The Confusion - Neal Stephenson
Reviewed for Usenet (or see Google archive).
Volume Two of the Baroque Cycle
William Heinemann publishers
ISBN: 0434008788 (Amazon link)
About six months ago I read Quicksilver, the first volume of this series. It was a huge, sprawling, ambitious mess of a book but one which I'd been waiting for excitedly. I wasn't disappointed. I thought it was a terrific read, although I could see that its flaws might be enough to put some people right off. Personally, I couldn't wait to get my hands on the next volume; although I'd been entertained, I was still puzzled as how the Baroque Cycle was supposed to tie into Cryptonomicon.
After reading The Confusion, which I enjoyed hugely, I am no longer quite so puzzled, and am happy to say that this is much better novel too - unusual for the middle book of a trilogy. Stephenson might have an excuse in that The Confusion is actually two books; in a brief author's note it is explained that two novels, Bonanza and Juncto, will be presented. As they both cover the time period 1689-1702, they will be interleaved, with the author hoping that "being thus con-fused shall render them the less confusing to the Reader". This, along with the title, is a clear nod to the reader that this will be a Theme, in much the same way that quicksilver, literal and metaphorical, dominated Quicksilver. Ironically, the clear statement of this theme in The Confusion actually clears up any remaining confusion from volume one. No matter how distracted you are by the action at the front of the stage, it becomes clear that for all the devious political machinations of Eliza, and the dashing, ridiculous swashbuckling adventures had by Jack, these novels are actually about the tearing down and replacement of the established financial and political systems across Europe, and thus to the wider world. Just as quicksilver is used to extract silver from ore, and England and France face the prospect of melting down all their metals for re-coinage, the wider metaphorical quicksilver flooding Europe is enabling Newton et al to extract a new world from the old, and the resulting turmoil, particularly financial, is necessarily reshaping the political landscape.
I don't intend to go into the plot at length, partly as it would spoil much of the fun, and partly because this is a sequel and thus only of interest to those who liked the first volume. If you didn't like Quicksilver, you'll not like The Confusion, and if you did, then all you need to know is that this volume is more of the same, but much better. Stephenson really hits his stride with his baroque style, and is free from the very first page to have some fun with the set up from volume one. Here's the quick plot summary:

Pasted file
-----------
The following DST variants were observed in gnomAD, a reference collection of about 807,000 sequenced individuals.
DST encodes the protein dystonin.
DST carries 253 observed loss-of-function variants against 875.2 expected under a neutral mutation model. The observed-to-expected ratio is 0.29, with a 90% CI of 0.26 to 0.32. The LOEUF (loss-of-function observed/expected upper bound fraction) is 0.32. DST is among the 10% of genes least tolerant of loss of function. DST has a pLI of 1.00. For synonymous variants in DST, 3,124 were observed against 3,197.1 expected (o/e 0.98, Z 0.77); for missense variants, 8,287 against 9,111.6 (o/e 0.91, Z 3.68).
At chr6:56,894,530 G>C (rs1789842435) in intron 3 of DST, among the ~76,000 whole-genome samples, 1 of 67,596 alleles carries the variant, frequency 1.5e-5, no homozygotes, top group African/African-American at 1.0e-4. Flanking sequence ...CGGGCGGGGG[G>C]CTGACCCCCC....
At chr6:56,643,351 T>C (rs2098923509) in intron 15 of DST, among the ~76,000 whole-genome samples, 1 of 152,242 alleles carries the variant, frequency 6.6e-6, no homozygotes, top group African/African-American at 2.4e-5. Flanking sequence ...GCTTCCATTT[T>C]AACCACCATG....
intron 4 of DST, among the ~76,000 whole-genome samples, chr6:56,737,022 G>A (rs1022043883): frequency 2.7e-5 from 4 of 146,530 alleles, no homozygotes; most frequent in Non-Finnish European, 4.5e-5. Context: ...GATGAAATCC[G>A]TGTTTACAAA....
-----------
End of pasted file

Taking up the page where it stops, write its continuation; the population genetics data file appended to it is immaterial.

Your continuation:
Bonanza is Jack's story. As usual with Stephenson, he cheerfully stomps off into territory better writers might avoid - in this case bringing syphilitic Half-Cocked Jack back from the dead. Recovering from a vicious fever, Jack finds that he's now sane, if somewhat confused. He's now a galley slave off the Barbary coast, but that's okay, as he is with the splendidly drawn Moseh de la Crux. Moseh is a slave too of course, and as he helpfully explains the situation to Jack, and by extension to us, he explains that he has a Plan. The Plan involves a classic bank heist, with Moseh's cabal of nine selected fellow slaves like Jack ending up in possession of a large shipment of silver, and their freedom, with the help of a certain Investor. The problems begin when the heist turns out to be somewhat more rewarding than the Cabal were expecting ... and not what they think ... and the resulting caper sees them circumnavigate half the known world, from the a tour of the Mediterranean, Africa, the middle East, to Indian - where Jack memorably becomes an unlikely King for a while - before progressing onwards to Japan and, eventually, America - where much fun is had with the Inquisition - and Britain. All the things I liked about the Jack threads from the first volume are here, but fewer of the clumsy elements remain (in particular the anachronistic puns are much reduced in number, though there are a couple of jarring stinkers). The broad canvas foe events is particularly impressive given that much of the action is confined to shipboard life where you'd think this crew of splendidly drawn crew of Vagabonds would have less room to get into trouble. Bonanza is spectacular opera, sometimes tragic, but usually comic, as if Stephenson was channelling Sabatini and the screen-writers of every old pirate film you've ever seen. I really liked this book, and was impressed with the quiet way that Stephenson advanced rather a clever plot behind a smoke screen of swashbuckling action carried out by his amiable broad caricature characters.